More than a thousand potential claims have already rolled into Norway’s embattled state welfare agency NAV, while state legal experts believe the actual number of wrongly convicted NAV clients has risen from 48 to at least 79. Prime Minister Erna Solberg stressed again over the weekend that the state will make up for its wrongdoing, to the degree that it can.
“To each and every one of you who has been affected, I want to extend a deeply felt apology,” Solberg wrote in a commentary published in newspaper Dagens Næringsliv (DN) on Saturday. It was the latest of a number of apologies issued by state officials since NAV and the government’s labour and welfare ministry revealed how NAV has misinterpreted both law and regulations applying to payments for sick leave and unemployment benefits. The benefits should have been paid out also if the recipients were physically present anywhere within the European Economic Area (EEA/EØS), of which Norway is a member. Not only were they mostly withheld, those who had traveled to another EEA/EØS country have routinely been punished with demands for refunds, fines and even jail terms.
Newspaper Dagsavisen reported Monday that more than 1,000 people have taken contact with NAV so far, on the grounds they’ve suffered unnecessarily because of NAV’s strict and incorrect interpretation of Norwegian and EU law. The latter often overrules the former, not least in this case because of the EU’s overriding principle of free movement of goods and services over borders within the EU and EEA.
“It’s good that so many have taken contact with us,” Magne Fladby, who’s leading the expanded NAV team trying to deal with all the inquiries, told Dagsavisen. Around 30 people have been assigned to the new task force that’s working from early morning to late at night to identify those who were wrongly punished or incorrectly had benefits withheld.
Fladby said the team already had halted 150 cases in which NAV was demanding repayment of benefits for which the recipient was eligible, while another 113 were under review. He said the team also had already contacted 32 of those wrongly convicted of welfare fraud before the weekend, with the others expected to be contacted by early this week. All were told how they in turn can apply for refunds and full exoneration of the charges against them.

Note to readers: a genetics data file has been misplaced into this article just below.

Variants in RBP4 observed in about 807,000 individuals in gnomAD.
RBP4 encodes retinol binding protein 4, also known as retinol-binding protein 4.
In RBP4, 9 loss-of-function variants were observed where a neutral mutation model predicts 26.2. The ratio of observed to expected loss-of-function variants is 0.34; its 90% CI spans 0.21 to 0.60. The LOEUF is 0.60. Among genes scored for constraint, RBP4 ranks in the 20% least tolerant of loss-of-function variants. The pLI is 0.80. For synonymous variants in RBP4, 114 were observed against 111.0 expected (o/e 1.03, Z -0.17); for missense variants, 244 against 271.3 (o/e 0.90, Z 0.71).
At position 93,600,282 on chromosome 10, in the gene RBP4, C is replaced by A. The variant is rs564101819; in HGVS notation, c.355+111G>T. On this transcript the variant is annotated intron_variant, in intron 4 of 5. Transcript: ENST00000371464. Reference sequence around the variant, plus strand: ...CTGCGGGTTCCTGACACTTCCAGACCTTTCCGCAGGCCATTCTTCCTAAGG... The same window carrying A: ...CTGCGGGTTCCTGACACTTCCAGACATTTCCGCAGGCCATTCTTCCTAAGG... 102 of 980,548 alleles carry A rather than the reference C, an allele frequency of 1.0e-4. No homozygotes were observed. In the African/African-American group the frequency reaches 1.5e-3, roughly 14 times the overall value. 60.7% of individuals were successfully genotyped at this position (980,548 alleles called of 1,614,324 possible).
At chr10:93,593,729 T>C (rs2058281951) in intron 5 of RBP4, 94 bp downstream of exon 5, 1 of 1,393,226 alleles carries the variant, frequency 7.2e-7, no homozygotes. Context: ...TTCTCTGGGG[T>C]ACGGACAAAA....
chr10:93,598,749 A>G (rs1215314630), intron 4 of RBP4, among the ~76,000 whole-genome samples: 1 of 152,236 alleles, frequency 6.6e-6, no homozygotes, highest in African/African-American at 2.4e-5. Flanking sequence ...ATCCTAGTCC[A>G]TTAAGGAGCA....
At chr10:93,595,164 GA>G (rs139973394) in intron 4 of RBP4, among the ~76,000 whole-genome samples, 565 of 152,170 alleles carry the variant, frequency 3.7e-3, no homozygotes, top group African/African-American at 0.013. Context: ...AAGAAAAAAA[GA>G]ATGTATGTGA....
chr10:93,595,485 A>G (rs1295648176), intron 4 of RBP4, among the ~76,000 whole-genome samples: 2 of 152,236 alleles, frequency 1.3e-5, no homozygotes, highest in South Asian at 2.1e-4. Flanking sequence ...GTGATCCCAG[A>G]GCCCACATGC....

A review of cases handled by the legal appeals agency Trygderetten has found at least another 31 new cases, reported news bureau NTB on Saturday. That will add to the NAV task force’s case load, and like the others, the cases reviewed only extend back to 2012 when the EU clarified the rules Norway was supposed to have followed. The principle behind the EU rules extends back to 1994, when Norway adopted its EØS trade and policy agreement with the EU. That means the sheer numbers of cases are like to further swell.
Norwegian regulations that restrict the “export” of welfare benefits beyond Norway’s borders still apply to all benefit recipients who traveled outside the EU/EEA. “Those who have been outside the EU won’t have their cases reviewed,” Fladby said. That will include many of those in a compilation of around 2,400 demands for reimbursement of benefits made when NAV discovered that benefit recipients had traveled outside Norway, and therefore were not actively searchig for a new job, for example, or available for follow-up on their health status.
Among cases where NAV acted wrongly, “the first thing we say is that we are sorry about the situation, and that we will correct it as quickly as possible,” Fladby told Dagsavisen. Any deductions imposed by NAV on client’s paychecks, to get earlier benefits refunded, are immediately stopped, for example, while efforts are launched to arrange compensation for all earlier wrongful deductions.
Prime Minister Solberg admitted that it will be “impossible” for the state to fully right its wrongs, “regardless of how much compensation we pay out or programs we have. An apology, compensation and a pardon (for those wrongly convicted of welfare fraud) can’t make up for the injustice many individuals have experienced.”
Her government is nonetheless turning over NOK 40 million in immediate extra funding for NAV to help cover task force expenses. Free legal advice will be offered to anyone dissatisfied with compensation offered.
The government has also launched an external investigation into how the scandal evolved over the years and how several agencies overlooked the misinterpretation of EU regulations. The commission appointed to carry out the investigation will examine “all those involved with the case, both under my own (Conservatives-led) government and in connection with laws and regulations implemented under the former (Labour Party-led) government,” Solberg wrote. The Parliament’s disciplinary committee will also conduct a probe of the scandal.
“This is all terribly difficult for those affected, but it’s also serious for all of us who are proud of the Norwegian welfare state and legal system,” Solberg wrote. “It rests on a foundation of confidence. We are all injured when that confidence is weakened.”